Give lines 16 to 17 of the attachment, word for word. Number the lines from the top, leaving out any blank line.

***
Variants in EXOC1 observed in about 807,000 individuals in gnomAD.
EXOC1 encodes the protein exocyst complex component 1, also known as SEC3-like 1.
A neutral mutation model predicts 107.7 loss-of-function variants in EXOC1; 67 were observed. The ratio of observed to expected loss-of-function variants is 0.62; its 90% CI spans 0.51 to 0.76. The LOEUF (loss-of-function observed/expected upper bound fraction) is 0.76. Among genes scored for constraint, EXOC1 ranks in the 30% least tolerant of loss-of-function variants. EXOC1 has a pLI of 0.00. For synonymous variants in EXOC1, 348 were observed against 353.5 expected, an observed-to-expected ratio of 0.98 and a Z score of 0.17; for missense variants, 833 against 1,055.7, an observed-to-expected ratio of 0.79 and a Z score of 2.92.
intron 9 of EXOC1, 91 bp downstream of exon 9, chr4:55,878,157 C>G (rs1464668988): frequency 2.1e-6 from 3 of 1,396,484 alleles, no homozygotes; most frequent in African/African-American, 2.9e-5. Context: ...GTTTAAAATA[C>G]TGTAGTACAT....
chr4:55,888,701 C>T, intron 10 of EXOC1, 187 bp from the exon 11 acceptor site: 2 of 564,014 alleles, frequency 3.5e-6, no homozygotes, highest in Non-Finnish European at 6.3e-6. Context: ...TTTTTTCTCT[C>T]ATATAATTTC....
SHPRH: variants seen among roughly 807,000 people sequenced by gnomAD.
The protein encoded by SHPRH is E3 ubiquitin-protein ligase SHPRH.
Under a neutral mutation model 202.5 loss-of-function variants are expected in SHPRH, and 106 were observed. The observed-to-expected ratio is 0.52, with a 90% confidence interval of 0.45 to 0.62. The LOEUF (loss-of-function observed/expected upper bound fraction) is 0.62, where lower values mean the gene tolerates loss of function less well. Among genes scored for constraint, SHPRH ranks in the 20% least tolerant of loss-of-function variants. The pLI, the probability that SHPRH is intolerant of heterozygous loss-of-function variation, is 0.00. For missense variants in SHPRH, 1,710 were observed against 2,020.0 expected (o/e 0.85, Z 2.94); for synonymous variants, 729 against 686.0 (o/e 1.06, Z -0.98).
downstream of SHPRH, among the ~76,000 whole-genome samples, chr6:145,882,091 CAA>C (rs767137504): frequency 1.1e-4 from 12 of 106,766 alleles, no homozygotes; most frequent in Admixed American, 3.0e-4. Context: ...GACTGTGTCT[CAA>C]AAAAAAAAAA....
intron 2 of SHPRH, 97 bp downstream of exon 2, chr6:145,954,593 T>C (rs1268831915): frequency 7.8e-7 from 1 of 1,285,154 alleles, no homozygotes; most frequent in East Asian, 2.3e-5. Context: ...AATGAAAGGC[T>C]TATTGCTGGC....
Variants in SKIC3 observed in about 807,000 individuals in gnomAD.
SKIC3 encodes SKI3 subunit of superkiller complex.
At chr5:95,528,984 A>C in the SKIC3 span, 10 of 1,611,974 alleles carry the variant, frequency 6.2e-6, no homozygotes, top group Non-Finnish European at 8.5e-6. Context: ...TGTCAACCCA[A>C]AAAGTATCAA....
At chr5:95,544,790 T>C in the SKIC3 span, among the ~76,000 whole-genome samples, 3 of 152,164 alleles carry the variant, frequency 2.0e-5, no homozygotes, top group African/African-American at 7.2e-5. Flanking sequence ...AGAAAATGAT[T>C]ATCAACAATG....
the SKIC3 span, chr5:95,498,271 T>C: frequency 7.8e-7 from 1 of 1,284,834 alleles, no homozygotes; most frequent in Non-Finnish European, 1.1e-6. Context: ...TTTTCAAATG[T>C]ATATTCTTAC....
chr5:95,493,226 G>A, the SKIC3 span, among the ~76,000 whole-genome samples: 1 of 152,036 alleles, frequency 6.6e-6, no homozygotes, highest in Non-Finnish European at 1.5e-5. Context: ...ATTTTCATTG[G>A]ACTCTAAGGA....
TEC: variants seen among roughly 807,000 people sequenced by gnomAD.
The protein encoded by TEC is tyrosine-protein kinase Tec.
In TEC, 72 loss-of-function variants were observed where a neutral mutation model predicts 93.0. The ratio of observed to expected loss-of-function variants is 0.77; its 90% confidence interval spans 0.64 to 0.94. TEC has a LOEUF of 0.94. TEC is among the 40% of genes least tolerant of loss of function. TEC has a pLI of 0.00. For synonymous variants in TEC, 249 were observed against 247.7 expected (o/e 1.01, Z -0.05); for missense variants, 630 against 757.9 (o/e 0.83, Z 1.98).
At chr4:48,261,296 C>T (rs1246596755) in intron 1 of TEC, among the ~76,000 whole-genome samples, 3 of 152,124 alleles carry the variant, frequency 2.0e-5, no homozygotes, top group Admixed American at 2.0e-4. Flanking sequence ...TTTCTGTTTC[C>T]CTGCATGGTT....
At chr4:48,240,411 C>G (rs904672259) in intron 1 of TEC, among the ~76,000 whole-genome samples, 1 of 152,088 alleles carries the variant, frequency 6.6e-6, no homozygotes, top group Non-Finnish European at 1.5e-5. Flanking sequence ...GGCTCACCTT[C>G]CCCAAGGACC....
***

chr5:95,493,226 G>A, the SKIC3 span, among the ~76,000 whole-genome samples: 1 of 152,036 alleles, frequency 6.6e-6, no homozygotes, highest in Non-Finnish European at 1.5e-5. Context: ...ATTTTCATTG[G>A]ACTCTAAGGA....
TEC: variants seen among roughly 807,000 people sequenced by gnomAD.